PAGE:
Does it matter if Rush never makes it into the Rock and Roll Hall of Fame?
I’ve been a Rush fan for, oh, just over 20 years I suppose. It’s not exactly the most exclusive club in the world, but it’s not like being a fan of the Beatles or Bruce Springsteen either. In most circles, when you tell people you’re a Rush fan, they give you a sideways look as if to say, “Oh, that’s nice. And do you still play Dungeons and Dragons?”
Then there are the pot shots taken by fellow music lovers, who stroke their beards, cluck their tongues, and talk about, “What’s to be done with this band with their shrill singer, overly complex songs, clinical drummer, and lyrics about dragons and sorcery?”
Ninety-nine percent of the time all that drivel rolls right off my back. But for the past dozen or so years, right about this time, I’m reminded of all the insults and all the muted laughter heaped on Rush and their fans. Because every year since 1999 (25 years after the release of Rush’s self-titled debut), the Rock and Roll Hall of Fame inducts another group of artists that doesn’t include Rush. As much as I liked to pretend that the Hall of Fame was a shallow, irrelevant institution, it rankled me every year when Rush was snubbed.
I could rattle off a list of Rush’s commercial and artistic accomplishments, and present a rock-solid (get it?) case for how much they deserve to be inducted into the big glass pyramid in Cleveland. I could also point to a host of inductees from ’99 till now that, while they may be worthy in their own right, certainly did not deserve to get in before one of the pillars of progressive rock.
I could also rail against the entire Hall of Fame and their secretive, highly dubious nomination and selection procedures. I could raise the point that many others already have — that Rush was never “cool” enough for the likes of Jann Wenner and Rolling Stone, and that as long as he’s running the show they don’t stand a chance. I’ve said all this before, and was tempted to do so again this year.
But after the latest group of Hall of Fame inductees as announced yesterday and a certain Canadian power trio was overlooked again I asked myself — why? Why the hell should I, or any Rush fan for that matter, care whether or not they ever get in? It boils down to this for any Rush fan (or a fan of any band still on the outside looking in):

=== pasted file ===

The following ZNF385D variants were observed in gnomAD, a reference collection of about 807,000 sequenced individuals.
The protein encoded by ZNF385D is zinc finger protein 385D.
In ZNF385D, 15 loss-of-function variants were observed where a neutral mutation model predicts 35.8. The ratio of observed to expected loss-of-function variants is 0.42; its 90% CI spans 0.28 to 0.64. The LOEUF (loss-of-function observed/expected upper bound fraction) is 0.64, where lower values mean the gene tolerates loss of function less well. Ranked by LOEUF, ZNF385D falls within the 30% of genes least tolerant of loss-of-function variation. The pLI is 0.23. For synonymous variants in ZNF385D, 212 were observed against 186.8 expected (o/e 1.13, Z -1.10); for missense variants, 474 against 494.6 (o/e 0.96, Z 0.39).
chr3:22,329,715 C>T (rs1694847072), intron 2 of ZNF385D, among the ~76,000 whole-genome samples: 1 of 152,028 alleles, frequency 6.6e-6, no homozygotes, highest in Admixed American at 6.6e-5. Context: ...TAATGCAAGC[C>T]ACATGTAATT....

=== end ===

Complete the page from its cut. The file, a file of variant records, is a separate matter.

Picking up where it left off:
If Rush makes the Hall, would that make you love their music any more? Of course not.
Do you think an induction will make haters change their mind? I certainly hope not, because it won’t. If anything, they’ll sharpen their swords.
Would it be a point of pride or a bragging right? Only in a really lame alternate universe.
Would it represent some sort of validation? Hell no. If you want validation for being a Rush fan, go to one of their shows. There you will be surrounded by people who get it, who understand. And in any case, if you’ve been paying attention to a lot of Neil Peart’s lyrics over the years they go on about how futile it is to seek approval from anyone but yourself.
If Rush doesn’t care, why should you? Every public statement I’ve ever seen from the band indicates, at best, an attitude of indifference toward the Hall. Maybe in their more private moments Geddy, Alex, and Neil cry bitter tears over the whole thing, but I wouldn’t bet money on it.
So in the end, does it really matter at all? Well, no, it doesn’t. So why the annual consternation and hand-wringing from fans, as well as some critics, music writers, and fellow musicians? Why do the musical tastes and preferences of an extremely limited group of people have any impact on us at all?
So now I encourage all my fellow Rush fans — as well as supporters and general well-wishers — to take a stand today. From this day forward, let’s show the Rock and Roll Hall of Fame just how much we care about getting Rush inducted by… doing absolutely nothing. No more petitions, no more angry articles, blog posts, or rants on comment boards.
Let’s just enjoy the music, the band, and the memories. Because if being Rush fans has taught us nothing else, it’s that being an outsider isn’t really all that bad. In some ways, it’s the best thing to be.